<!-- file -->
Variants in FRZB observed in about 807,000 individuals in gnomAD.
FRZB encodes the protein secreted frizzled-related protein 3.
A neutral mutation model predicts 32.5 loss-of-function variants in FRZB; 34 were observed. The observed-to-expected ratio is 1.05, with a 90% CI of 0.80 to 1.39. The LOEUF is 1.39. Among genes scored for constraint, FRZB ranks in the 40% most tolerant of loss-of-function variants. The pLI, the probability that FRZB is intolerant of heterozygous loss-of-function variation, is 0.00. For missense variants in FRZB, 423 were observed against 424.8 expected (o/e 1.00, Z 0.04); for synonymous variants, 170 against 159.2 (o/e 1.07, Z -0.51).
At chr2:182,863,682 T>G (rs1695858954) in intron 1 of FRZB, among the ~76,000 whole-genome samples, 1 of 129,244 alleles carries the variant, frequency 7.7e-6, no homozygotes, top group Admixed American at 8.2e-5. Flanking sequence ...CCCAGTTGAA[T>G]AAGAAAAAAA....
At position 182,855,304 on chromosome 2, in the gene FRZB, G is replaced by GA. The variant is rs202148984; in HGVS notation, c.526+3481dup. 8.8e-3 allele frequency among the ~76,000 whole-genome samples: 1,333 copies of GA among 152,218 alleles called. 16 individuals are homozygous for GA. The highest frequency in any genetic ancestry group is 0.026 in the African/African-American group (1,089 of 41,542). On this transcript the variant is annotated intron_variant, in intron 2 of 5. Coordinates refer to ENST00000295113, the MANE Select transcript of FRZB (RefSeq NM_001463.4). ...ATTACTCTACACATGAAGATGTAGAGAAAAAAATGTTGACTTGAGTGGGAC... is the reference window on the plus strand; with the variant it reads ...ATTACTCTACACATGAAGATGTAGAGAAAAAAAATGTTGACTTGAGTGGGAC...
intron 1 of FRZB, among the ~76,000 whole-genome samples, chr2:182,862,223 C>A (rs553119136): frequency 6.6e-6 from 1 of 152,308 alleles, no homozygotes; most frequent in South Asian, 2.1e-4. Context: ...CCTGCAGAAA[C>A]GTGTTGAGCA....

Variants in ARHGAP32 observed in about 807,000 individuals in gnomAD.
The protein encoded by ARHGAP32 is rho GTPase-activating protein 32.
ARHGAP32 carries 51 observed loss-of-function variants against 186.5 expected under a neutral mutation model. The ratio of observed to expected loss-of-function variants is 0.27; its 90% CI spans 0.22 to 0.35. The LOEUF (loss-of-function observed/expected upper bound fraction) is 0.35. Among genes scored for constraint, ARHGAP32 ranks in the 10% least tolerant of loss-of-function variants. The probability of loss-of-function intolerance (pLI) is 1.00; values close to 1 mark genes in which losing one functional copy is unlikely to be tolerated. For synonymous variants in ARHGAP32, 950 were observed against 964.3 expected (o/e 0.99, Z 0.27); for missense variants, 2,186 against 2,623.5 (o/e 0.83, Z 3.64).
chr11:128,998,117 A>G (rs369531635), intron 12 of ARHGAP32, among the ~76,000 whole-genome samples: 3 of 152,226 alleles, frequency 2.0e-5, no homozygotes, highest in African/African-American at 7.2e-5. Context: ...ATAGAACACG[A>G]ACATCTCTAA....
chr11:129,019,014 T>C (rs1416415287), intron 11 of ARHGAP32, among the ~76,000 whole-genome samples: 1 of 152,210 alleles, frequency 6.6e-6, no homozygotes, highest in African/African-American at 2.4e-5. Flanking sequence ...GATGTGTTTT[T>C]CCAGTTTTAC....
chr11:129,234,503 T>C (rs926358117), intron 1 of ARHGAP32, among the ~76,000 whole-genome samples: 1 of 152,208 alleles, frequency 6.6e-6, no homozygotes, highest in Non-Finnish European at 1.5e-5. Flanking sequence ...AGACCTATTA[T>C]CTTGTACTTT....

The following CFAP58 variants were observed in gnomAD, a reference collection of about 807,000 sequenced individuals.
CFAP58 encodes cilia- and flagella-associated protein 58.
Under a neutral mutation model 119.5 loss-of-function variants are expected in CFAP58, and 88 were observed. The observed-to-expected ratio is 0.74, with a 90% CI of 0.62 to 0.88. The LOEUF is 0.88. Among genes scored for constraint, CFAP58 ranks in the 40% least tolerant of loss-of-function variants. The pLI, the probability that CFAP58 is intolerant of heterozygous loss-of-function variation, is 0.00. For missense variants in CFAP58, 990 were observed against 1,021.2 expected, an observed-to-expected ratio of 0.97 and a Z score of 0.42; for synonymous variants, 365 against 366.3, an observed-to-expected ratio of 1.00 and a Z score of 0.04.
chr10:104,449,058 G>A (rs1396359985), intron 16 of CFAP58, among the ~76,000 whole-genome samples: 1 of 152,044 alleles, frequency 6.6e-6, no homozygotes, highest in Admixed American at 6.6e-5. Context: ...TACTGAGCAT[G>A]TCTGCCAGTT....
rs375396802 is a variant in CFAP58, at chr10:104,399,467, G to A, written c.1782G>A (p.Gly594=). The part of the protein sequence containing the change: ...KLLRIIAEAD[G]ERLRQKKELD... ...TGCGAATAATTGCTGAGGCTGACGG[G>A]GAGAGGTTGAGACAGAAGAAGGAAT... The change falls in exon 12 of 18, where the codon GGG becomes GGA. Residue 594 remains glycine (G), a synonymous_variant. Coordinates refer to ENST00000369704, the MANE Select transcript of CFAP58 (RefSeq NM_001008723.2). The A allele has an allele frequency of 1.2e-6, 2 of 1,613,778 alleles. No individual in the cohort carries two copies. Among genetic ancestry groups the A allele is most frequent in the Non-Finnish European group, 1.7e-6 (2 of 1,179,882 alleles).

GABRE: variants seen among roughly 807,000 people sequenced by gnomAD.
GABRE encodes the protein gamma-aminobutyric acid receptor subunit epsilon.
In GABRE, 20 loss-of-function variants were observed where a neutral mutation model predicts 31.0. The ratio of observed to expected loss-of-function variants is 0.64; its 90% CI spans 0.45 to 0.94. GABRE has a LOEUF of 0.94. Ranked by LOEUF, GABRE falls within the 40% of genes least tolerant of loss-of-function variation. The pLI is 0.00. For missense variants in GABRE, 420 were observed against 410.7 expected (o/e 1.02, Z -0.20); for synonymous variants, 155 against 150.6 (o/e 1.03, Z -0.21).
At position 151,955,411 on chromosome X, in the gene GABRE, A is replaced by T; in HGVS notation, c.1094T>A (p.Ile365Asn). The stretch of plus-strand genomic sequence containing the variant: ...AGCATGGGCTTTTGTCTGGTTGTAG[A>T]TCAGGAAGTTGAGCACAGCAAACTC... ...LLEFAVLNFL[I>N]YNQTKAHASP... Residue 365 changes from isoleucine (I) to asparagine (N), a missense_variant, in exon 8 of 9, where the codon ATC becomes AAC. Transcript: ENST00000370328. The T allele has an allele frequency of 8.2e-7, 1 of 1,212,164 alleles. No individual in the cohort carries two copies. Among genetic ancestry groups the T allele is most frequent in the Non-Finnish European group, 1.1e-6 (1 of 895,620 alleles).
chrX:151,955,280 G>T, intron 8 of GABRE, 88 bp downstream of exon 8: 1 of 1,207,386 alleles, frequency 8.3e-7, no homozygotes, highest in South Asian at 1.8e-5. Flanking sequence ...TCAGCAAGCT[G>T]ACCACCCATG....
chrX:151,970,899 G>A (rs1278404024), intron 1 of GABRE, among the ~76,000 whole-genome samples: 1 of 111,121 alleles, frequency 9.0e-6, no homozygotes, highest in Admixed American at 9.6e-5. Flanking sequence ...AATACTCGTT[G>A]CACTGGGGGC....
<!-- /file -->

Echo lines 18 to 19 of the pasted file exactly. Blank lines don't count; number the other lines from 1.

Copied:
GABRE: variants seen among roughly 807,000 people sequenced by gnomAD.
GABRE encodes the protein gamma-aminobutyric acid receptor subunit epsilon.